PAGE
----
Now signed to Ruff Ryder's, Jadakiss made his break out with Kiss Tha Game Goodbye. His star was in the ascendant now and the album shifted close on a million copies thanks to a canny blend of Gangsta, Mafioso and Horrorcore with lashings of suave East Coast funk thrown on top to keep listeners guessing and dancing. With producers including The Neptunes, Icepick, Alchemist, Just Blasze and Mahogany, this brilliant collection of MC style, toast and boast and hilarious bravado cuts like ’Stick Yourself (skit)’ and ‘Cruisin’’ (featuring the aforementioned MrDogg) rapidly became a word of mouth must-have on both sides of the Atlantic and Jadakiss was well feted when he visited these shores to promote. The samples were sharp and the originals crisp so the interplay between borrowed pieces from Michael McDonald, the Jackson 5 (always a winner) and Sounds of Blackness created a seamless fusion.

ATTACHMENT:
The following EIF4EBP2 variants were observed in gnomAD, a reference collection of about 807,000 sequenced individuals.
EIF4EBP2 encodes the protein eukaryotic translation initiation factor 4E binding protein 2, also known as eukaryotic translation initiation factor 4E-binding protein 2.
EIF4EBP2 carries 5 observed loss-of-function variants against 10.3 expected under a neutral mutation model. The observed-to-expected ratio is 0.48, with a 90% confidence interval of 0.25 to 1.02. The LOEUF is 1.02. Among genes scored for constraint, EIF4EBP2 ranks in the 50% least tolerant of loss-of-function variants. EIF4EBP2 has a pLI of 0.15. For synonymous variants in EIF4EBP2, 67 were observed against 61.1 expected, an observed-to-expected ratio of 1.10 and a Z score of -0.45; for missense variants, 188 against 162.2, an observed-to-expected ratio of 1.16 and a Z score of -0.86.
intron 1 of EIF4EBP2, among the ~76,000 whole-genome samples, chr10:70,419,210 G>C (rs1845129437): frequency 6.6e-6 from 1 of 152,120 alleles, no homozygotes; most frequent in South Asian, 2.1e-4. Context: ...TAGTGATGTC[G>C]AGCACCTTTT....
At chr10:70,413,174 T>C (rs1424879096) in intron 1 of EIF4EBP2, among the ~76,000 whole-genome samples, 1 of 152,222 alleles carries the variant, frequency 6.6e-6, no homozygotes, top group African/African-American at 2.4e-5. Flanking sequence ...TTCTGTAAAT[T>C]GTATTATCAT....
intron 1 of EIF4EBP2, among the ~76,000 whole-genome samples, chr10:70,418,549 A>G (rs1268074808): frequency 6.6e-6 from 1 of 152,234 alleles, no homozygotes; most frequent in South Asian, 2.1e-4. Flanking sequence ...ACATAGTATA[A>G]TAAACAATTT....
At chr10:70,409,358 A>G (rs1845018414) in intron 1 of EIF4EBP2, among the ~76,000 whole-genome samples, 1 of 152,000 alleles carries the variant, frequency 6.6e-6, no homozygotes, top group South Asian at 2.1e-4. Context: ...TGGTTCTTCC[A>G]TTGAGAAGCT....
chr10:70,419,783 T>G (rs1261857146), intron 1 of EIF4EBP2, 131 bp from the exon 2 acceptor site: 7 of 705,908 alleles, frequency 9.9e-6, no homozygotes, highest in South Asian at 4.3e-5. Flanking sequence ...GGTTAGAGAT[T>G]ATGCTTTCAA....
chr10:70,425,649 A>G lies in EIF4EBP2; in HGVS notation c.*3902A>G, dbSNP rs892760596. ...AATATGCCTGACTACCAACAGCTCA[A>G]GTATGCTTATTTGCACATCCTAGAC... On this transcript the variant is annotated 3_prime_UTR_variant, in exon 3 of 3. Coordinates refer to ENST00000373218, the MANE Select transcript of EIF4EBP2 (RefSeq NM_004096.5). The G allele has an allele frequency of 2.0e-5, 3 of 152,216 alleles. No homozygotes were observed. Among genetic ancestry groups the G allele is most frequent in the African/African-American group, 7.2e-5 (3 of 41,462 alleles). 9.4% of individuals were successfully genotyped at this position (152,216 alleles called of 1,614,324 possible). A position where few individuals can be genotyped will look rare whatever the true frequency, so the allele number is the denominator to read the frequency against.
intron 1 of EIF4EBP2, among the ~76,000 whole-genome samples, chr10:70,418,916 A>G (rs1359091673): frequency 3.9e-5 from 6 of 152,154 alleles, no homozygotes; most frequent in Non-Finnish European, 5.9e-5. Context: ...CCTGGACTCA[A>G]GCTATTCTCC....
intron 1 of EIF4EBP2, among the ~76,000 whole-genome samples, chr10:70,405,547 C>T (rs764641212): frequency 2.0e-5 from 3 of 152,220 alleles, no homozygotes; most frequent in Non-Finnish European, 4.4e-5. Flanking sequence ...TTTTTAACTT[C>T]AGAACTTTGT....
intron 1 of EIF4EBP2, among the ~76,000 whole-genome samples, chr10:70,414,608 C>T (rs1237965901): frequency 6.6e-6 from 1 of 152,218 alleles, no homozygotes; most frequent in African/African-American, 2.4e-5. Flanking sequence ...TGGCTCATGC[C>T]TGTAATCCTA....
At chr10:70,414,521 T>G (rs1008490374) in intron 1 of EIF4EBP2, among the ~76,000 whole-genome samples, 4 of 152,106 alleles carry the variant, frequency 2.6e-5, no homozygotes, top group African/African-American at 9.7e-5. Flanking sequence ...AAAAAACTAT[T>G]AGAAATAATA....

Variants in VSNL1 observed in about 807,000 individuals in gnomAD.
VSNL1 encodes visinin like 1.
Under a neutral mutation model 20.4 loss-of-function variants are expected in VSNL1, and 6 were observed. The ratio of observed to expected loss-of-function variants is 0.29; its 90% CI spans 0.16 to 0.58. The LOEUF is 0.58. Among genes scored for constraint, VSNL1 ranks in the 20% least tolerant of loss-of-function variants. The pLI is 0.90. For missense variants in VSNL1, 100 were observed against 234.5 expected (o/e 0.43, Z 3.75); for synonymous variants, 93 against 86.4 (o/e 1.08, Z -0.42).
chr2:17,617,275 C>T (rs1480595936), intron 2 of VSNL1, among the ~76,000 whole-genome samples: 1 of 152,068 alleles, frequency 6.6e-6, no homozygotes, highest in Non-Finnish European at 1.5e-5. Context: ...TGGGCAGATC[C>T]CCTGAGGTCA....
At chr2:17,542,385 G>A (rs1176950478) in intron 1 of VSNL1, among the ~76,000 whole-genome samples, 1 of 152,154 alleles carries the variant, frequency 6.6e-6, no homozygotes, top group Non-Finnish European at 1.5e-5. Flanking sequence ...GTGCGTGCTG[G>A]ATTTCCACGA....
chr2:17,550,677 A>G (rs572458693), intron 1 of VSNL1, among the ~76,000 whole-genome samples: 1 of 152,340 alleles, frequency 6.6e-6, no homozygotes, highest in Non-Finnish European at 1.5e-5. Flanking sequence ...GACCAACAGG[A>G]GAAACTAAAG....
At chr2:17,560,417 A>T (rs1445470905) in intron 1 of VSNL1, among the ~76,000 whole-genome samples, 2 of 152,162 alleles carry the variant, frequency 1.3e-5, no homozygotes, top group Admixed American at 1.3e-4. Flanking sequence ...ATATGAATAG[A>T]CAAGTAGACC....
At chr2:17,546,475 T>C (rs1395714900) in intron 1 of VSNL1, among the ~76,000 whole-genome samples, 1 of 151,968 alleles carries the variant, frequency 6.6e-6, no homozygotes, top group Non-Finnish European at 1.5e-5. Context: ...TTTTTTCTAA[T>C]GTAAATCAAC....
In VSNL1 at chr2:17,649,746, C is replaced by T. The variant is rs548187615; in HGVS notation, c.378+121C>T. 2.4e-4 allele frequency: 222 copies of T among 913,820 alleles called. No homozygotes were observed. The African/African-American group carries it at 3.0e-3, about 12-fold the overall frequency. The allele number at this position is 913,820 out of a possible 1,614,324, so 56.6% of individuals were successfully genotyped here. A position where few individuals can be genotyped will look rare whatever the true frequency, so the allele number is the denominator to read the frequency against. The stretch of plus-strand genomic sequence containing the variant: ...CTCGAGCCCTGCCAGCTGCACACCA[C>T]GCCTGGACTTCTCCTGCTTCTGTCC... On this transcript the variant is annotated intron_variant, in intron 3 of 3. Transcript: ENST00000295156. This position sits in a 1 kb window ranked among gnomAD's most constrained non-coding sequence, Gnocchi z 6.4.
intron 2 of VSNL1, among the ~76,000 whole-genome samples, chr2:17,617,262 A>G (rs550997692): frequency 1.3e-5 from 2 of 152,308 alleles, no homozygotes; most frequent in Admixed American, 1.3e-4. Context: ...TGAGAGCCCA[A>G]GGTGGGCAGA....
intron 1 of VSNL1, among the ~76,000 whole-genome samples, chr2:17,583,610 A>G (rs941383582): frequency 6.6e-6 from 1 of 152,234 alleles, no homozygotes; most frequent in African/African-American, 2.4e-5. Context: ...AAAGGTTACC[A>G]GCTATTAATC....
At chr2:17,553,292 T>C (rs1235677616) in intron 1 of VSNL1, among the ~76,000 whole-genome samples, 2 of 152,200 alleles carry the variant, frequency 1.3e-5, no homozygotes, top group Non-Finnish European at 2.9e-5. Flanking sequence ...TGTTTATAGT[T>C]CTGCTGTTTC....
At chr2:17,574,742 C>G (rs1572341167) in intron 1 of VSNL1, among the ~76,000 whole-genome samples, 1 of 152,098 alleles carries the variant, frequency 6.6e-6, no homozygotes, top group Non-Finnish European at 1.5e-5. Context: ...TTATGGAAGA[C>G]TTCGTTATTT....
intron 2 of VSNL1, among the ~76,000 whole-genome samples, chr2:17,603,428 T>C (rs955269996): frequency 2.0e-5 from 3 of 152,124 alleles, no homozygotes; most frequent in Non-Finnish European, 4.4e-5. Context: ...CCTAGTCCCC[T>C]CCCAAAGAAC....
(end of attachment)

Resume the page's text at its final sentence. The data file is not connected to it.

Jadakiss waited three years to let that all soak in before revealing Kiss of Death in 1994. Recording now in NYC and Los Angeles (at Groovyville) this is just as accomplished and the writing is broader. Stand out cuts include ‘Why’ (with Anthony Hamilton) and the smash ‘U make Me Wanna’ (with Mariah Carey) and the album’s best known piece ‘Welcome to D-Block’ performed with LOX and Eminem, who also produces. Jadakiss is now established and his continuing collaborations with The Neptunes, The Alchemist and Kanye West result in a fully grounded and rounded disc that is a joy to behold. This time the samples are off the wall – cut ups from British hippy group Gong and Roger Troutman are integrated into real Old Skool faves – Melba Moore, Curtis Mayfield and Atlantic Starr. It’s a soulful shoot out that is now considered to have attained classic status in hip-hop circles.